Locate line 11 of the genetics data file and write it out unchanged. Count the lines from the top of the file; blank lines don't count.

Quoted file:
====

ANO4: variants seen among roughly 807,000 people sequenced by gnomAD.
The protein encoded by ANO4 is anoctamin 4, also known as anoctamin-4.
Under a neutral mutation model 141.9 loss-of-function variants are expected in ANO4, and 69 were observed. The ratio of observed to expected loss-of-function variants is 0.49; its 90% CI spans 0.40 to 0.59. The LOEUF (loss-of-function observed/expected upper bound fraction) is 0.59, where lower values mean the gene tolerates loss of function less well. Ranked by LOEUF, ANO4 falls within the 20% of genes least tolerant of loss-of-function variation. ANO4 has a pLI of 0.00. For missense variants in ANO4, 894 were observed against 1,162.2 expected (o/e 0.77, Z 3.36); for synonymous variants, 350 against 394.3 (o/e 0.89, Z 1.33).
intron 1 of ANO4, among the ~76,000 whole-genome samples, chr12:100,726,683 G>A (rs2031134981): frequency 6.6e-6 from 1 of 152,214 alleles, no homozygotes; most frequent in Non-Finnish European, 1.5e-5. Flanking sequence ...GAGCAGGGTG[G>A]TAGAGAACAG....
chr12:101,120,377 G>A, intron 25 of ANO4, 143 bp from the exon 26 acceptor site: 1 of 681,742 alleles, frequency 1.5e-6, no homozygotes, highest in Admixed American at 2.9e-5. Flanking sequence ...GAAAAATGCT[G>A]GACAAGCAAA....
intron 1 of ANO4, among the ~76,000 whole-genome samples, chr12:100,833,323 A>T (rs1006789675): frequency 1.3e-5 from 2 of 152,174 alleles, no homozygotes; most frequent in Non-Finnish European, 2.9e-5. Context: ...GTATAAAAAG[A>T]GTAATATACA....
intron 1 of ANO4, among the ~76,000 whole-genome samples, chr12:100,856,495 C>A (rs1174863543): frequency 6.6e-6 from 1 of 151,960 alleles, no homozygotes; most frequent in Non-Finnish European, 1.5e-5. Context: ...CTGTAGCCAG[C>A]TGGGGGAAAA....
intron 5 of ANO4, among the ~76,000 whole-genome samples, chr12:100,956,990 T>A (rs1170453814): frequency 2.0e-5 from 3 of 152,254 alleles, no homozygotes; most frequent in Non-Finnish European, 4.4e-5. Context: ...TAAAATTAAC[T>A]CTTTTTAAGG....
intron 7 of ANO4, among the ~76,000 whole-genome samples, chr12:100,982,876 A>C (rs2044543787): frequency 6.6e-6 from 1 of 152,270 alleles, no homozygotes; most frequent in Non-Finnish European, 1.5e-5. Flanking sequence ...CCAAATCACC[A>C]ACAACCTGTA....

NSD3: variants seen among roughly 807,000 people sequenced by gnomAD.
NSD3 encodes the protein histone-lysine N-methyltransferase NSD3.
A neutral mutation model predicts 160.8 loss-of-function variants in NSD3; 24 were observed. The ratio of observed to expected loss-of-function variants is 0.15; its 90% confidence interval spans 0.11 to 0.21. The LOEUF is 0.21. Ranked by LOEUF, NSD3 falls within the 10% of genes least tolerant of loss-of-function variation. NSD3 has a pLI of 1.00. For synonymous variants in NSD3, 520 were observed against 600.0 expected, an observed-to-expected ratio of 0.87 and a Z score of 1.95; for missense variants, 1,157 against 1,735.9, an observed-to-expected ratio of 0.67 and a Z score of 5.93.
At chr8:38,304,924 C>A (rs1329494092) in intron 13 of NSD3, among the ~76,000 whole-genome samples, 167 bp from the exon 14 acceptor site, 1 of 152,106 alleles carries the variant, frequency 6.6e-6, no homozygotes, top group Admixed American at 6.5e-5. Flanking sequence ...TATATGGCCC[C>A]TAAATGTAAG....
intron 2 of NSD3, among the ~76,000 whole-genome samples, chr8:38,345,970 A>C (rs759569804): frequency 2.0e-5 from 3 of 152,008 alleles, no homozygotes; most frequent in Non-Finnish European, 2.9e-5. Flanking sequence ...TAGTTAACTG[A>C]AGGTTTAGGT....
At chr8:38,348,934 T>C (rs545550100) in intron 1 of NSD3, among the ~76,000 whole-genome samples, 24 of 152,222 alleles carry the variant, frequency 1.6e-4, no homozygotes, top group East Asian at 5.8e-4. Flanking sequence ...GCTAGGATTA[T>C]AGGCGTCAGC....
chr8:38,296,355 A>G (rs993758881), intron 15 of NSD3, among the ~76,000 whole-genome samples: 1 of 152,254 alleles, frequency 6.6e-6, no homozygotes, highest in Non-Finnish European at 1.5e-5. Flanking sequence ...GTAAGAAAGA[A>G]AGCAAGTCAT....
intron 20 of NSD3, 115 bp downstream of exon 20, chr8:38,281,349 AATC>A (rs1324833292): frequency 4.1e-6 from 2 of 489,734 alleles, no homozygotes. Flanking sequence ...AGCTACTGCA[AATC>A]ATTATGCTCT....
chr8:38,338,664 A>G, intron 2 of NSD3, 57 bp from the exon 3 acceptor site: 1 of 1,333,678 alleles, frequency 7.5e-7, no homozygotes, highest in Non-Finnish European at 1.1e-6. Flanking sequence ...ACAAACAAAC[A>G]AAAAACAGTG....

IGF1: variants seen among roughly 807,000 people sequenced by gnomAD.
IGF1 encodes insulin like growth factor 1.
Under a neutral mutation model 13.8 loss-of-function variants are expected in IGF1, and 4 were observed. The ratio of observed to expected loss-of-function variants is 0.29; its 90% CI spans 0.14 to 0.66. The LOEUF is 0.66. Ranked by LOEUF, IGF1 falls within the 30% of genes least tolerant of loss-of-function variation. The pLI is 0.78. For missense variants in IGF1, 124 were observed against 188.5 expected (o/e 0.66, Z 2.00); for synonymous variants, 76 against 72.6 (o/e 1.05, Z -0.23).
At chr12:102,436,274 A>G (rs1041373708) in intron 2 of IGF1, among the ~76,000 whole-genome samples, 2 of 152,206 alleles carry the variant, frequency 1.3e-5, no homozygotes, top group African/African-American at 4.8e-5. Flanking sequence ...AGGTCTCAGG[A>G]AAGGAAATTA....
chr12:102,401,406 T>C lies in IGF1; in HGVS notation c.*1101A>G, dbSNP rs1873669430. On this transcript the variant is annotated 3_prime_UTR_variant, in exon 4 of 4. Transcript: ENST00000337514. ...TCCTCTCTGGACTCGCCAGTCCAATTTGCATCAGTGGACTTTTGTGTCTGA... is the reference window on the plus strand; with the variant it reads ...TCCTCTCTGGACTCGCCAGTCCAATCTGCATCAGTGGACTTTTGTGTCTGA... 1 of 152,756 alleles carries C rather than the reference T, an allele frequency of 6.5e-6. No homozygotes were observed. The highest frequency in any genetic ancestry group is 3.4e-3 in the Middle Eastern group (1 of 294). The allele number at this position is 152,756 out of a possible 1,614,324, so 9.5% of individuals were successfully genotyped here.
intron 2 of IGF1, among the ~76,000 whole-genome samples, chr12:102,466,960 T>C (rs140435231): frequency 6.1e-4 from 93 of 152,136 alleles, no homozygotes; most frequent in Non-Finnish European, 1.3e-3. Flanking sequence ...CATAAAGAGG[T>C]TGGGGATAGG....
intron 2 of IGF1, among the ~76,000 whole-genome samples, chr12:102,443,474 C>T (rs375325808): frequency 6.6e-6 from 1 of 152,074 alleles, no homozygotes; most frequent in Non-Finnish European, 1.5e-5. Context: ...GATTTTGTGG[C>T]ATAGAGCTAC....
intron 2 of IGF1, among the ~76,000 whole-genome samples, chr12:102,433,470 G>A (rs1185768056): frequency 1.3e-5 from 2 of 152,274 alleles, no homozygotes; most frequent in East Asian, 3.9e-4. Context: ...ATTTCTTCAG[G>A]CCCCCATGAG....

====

NSD3 encodes the protein histone-lysine N-methyltransferase NSD3.